College ball, even mighty SEC, now in real trouble
The strangest part of the last four months in college football has been watching the so-called leaders of the sport’s most powerful conference acting as if some of the fundamental facts we’ve learned about COVID-19 do not apply to their enterprise.
As recently as mid-May, Alabama athletic director Greg Byrne said in an interview with the SEC Network that the “hope and plan right now is to play this fall with a full schedule and a full stadium” even as construction workers at Bryant-Denny Stadium were falling ill in clusters.
A month after that, Texas A&M’s Ross Bjork expressed optimism that the 50% capacity limit imposed by Gov. Greg Abbott for sporting events would be significantly increased by the time football season rolled around.
There was even a suggestion, as
states like Georgia and Florida came out of lockdown, that the SEC might play on while other leagues lagged behind.
All the while, SEC schools rushed to get football players back on campus in early June. Against all logic, the infectious disease expert who was helping to write the league’s guidelines for those workouts did not recommend frequent COVID-19 testing, leading several schools to initially say they would test only players who were symptomatic.
“The problem is, with our testing, it doesn’t tell us anything,” Dr. Stevan Whitt of the University of Missouri told The Athletic in arguably the most regrettable public comment from any medical official working in sports during the entire pandemic.
On Monday, all the delusion ended as SEC ADs emerged from an in-person meeting in Birmingham, Alabama. Though the league will wait at least a couple of more weeks before canceling non-conference games like the Big Ten and Pac-12 have already done, the truth was finally laid bare: The SEC is very much at risk of some drastic decisions if the current COVID-19 trajectory across the league’s footprint isn’t reversed.
“(There were) a couple phone calls last week where you realize exactly what you can see: that the public health trends are not what we had hoped, not what we were seeing in May and June,” Commissioner Greg Sankey said on the “Paul Finebaum Show” on Monday. “There has to be more intent, more focus on heeding the guidance that has been provided on distancing, on gathering, on face masks, on hand sanitization. As
I understand treatments are better, but we still have a lot of unknowns and those are realities. And everyone of those conversations has ended with, ‘It’ll be important to watch what happens over the next two or three weeks.’ ”
The subtext of that comment could not be more clear. For all the airtime devoted to COVID-19 misinformation merchants who cherry-pick statistics to suggest this virus is no big deal and engage in performative whataboutism to try to discredit health officials, the virus will determine whether SEC football is played, not the other way around.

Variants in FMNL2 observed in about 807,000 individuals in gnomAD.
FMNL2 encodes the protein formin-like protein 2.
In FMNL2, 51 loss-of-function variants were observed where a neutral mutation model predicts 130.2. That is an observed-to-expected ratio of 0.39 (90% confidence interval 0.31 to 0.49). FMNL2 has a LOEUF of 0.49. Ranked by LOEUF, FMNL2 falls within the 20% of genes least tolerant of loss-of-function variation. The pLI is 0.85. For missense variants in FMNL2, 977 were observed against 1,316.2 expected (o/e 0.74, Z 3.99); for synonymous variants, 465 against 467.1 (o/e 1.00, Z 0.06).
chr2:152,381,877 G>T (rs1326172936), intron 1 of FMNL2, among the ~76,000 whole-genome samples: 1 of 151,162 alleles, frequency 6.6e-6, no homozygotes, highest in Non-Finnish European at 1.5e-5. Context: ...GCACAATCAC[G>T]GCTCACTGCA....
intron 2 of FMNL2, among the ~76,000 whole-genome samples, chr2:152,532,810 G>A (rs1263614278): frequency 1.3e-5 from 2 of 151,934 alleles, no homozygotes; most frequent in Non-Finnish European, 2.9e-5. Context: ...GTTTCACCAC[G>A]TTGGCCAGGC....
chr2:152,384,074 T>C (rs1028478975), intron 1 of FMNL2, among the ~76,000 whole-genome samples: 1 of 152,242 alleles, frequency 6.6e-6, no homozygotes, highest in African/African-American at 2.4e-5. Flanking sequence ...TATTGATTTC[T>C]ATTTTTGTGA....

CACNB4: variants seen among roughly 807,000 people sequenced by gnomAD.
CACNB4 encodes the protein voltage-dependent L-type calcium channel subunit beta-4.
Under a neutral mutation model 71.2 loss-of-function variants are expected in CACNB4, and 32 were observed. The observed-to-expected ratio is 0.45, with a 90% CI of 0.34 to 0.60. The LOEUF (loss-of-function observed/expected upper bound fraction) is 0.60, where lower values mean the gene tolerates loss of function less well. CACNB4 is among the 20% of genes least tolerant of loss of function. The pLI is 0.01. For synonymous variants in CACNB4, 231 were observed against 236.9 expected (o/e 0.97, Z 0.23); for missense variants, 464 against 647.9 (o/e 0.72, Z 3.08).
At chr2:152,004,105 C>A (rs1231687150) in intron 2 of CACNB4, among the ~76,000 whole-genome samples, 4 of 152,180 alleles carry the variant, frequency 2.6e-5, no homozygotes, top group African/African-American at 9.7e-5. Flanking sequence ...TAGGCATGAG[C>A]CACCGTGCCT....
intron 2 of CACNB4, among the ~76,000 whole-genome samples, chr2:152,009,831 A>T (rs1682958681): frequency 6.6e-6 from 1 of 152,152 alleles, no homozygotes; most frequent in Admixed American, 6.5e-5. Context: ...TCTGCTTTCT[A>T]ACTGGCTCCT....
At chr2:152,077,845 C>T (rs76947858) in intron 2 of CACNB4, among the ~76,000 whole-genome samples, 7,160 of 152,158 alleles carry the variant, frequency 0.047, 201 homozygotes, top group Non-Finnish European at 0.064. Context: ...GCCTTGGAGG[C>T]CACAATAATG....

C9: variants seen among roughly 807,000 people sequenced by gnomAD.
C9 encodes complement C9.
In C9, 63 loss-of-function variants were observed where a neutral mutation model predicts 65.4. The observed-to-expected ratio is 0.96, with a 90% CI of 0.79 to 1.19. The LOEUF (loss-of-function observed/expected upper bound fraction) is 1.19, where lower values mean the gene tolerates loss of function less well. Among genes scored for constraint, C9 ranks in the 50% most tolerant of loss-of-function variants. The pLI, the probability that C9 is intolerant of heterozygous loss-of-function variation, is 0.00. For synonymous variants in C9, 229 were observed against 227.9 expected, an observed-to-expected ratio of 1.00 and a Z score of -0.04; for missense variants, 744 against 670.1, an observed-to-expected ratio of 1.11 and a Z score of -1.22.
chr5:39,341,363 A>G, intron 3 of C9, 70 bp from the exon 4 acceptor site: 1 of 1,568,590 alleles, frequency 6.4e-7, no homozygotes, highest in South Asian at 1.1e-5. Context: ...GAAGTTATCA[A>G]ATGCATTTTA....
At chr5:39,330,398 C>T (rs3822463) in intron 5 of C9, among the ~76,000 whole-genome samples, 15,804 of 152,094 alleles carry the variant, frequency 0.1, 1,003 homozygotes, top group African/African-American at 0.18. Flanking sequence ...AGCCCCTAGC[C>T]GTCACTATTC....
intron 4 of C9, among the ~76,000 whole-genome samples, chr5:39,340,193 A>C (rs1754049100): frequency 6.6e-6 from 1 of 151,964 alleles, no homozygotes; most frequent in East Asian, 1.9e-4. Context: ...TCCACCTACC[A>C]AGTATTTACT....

Few things are more important to the culture and economy of Southern states as college football, but even the most craven college president or conference commissioner would have a hard time
putting an unpaid, amateur athlete on the field for the sake of a television contract when a dangerous virus is still out of control and hospital resources in small college towns might be scarce.
“We have to see change in public health trend to build the comfort that we’ll have an opportunity to compete this fall,” Sankey told Finebaum.
It might have been helpful if people who work in college athletics had hammered that point home months ago instead of waiting until the last possible moment to make clear that the behavior of fans was going to directly impact whether their favorite teams would play.
But the arrogance with which too many people in this country approached COVID-19 from the beginning has also been a hallmark of the conversation around college football. Too many administrators have spent the last four months offering nothing but happy talk and publicly presenting the rosiest possible scenario rather than speaking directly to the massive challenges of pulling off a season in a college environment where any type of bubble isn’t possible and there’s no financial incentive for the players to take the kinds of health risks their professional counterparts are being asked to take.
In fact, the mere suggestion that college football wouldn’t go off as planned has been met with outrage.
Go back to March 27 when Kirk Herbstreit, the most prominent TV analyst in the sport, told ESPN radio he would be “shocked” if the season happened this fall. “From what I understand, people that I listen to, you’re 12 to 18 months from a vaccine,” he said. “I don’t know how you let these guys go into locker rooms and let stadiums be filled up and how you can play ball. I just don’t know how you can do it with the optics of it.”
But rather than take it as a warning, Herbstreit got shouted down by fans who called him a fearmonger. Since then, he’s barely said anything about the coronavirus and others in a position of power decided it simply wasn’t worth the harassment to talk about the reality of this fall. As it turns out, Herbstreit was the smartest of them all.
Years down the road, when the history of how we got here is written, it will be filled with curiosities like Herbstreit being labeled an alarmist and ADs talking about full stadiums being feted for their optimism when all evidence showed that the opposite was true.
Now the situation is too urgent to explain in any other way than the one right in front of us: College football, even in the mighty SEC, is in real trouble.
SEC athletic officials decided to see what the COVID-19 situation is like at the end of the month before deciding on a 2020 season.